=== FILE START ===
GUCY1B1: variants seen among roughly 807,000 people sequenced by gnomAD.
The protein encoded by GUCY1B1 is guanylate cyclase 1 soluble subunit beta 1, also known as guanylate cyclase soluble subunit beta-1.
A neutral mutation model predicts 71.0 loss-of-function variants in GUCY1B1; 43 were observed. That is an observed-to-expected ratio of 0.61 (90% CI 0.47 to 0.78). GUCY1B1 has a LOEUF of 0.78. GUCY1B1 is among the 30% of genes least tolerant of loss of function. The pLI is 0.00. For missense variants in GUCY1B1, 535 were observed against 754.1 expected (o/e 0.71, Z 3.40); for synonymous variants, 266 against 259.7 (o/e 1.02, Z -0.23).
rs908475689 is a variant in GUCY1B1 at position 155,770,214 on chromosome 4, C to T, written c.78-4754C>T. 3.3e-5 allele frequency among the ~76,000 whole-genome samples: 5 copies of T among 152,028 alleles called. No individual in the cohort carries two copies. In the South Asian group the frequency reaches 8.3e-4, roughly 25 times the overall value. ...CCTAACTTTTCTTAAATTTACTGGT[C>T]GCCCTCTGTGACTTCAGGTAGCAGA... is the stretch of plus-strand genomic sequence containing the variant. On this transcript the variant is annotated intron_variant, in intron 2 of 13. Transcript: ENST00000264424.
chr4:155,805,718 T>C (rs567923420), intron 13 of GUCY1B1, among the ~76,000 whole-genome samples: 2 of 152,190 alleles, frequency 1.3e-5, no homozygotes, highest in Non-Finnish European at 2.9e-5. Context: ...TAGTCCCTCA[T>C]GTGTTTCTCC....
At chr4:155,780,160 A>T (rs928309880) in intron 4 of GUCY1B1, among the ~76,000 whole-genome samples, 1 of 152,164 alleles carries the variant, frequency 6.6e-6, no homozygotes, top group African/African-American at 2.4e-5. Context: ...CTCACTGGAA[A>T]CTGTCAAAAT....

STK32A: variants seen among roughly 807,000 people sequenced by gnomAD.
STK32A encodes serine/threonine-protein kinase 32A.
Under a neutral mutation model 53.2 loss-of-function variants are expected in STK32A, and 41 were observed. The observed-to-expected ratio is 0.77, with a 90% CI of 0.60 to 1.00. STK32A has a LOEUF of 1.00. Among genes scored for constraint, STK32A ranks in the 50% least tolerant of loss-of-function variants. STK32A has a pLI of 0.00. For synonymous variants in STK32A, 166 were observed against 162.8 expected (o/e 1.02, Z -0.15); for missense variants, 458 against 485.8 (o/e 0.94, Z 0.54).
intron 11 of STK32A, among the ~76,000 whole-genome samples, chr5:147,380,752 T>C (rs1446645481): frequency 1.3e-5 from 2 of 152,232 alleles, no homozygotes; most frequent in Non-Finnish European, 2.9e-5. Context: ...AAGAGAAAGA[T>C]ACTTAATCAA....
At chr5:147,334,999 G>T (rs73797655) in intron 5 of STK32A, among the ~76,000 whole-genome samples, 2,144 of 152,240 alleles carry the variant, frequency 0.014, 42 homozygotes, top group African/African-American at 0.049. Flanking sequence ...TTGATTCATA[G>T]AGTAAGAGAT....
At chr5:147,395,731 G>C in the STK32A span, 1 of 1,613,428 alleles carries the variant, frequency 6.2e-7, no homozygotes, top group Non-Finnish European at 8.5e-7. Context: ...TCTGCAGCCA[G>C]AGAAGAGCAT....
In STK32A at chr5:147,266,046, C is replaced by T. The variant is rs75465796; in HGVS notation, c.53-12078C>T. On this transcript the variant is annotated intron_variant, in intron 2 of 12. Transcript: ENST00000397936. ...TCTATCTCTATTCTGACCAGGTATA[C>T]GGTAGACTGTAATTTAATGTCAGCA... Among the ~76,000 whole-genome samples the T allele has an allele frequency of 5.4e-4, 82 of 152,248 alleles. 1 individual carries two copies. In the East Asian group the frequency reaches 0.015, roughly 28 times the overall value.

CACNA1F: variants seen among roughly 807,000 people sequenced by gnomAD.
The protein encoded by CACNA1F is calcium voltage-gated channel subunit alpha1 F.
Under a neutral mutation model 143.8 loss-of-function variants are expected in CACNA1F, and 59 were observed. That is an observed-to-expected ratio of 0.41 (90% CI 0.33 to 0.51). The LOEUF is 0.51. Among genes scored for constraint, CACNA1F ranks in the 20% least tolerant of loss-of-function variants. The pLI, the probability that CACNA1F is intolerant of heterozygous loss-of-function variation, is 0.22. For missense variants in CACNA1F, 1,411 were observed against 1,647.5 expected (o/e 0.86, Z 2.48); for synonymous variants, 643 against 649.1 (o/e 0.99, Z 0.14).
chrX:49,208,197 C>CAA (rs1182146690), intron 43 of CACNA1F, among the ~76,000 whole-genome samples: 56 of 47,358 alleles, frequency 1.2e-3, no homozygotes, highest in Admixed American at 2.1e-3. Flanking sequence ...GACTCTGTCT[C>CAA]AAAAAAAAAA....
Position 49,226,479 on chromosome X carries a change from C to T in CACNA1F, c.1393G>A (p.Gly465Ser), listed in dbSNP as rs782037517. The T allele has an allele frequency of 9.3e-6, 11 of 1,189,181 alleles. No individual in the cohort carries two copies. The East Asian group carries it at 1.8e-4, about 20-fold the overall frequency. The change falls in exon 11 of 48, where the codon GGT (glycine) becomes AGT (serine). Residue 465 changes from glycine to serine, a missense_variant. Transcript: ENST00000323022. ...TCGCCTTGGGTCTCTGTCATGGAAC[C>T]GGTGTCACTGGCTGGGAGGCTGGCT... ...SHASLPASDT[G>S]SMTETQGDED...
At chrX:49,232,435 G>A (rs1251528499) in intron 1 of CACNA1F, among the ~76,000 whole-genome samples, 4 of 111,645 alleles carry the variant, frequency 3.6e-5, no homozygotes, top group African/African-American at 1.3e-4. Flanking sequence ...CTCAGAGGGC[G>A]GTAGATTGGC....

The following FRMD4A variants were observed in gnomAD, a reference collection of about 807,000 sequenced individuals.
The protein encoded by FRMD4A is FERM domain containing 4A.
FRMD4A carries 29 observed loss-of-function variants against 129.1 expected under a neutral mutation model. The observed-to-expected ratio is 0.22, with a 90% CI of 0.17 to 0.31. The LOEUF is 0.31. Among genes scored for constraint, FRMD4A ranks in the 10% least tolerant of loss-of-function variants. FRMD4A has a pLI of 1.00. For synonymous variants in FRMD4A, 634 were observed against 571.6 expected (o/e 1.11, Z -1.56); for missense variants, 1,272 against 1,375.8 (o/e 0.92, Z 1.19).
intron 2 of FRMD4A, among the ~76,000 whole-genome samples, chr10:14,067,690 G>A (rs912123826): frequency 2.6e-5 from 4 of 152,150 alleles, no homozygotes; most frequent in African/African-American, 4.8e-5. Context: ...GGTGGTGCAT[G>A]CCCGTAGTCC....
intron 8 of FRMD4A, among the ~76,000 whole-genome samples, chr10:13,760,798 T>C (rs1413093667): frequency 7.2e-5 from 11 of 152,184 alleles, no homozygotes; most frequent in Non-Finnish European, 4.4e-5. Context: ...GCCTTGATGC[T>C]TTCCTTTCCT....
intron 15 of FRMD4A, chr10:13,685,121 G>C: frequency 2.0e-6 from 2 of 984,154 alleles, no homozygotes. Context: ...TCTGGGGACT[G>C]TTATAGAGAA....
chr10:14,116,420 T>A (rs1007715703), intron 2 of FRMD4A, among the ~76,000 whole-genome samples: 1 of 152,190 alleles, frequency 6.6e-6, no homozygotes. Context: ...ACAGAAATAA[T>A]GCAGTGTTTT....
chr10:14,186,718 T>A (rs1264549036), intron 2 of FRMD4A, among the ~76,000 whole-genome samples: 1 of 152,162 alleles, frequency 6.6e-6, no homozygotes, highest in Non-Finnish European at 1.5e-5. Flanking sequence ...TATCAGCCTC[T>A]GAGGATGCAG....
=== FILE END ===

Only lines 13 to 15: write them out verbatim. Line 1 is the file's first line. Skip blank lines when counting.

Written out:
In STK32A at chr5:147,266,046, C is replaced by T. The variant is rs75465796; in HGVS notation, c.53-12078C>T. On this transcript the variant is annotated intron_variant, in intron 2 of 12. Transcript: ENST00000397936. ...TCTATCTCTATTCTGACCAGGTATA[C>T]GGTAGACTGTAATTTAATGTCAGCA... Among the ~76,000 whole-genome samples the T allele has an allele frequency of 5.4e-4, 82 of 152,248 alleles. 1 individual carries two copies. In the East Asian group the frequency reaches 0.015, roughly 28 times the overall value.

CACNA1F: variants seen among roughly 807,000 people sequenced by gnomAD.
The protein encoded by CACNA1F is calcium voltage-gated channel subunit alpha1 F.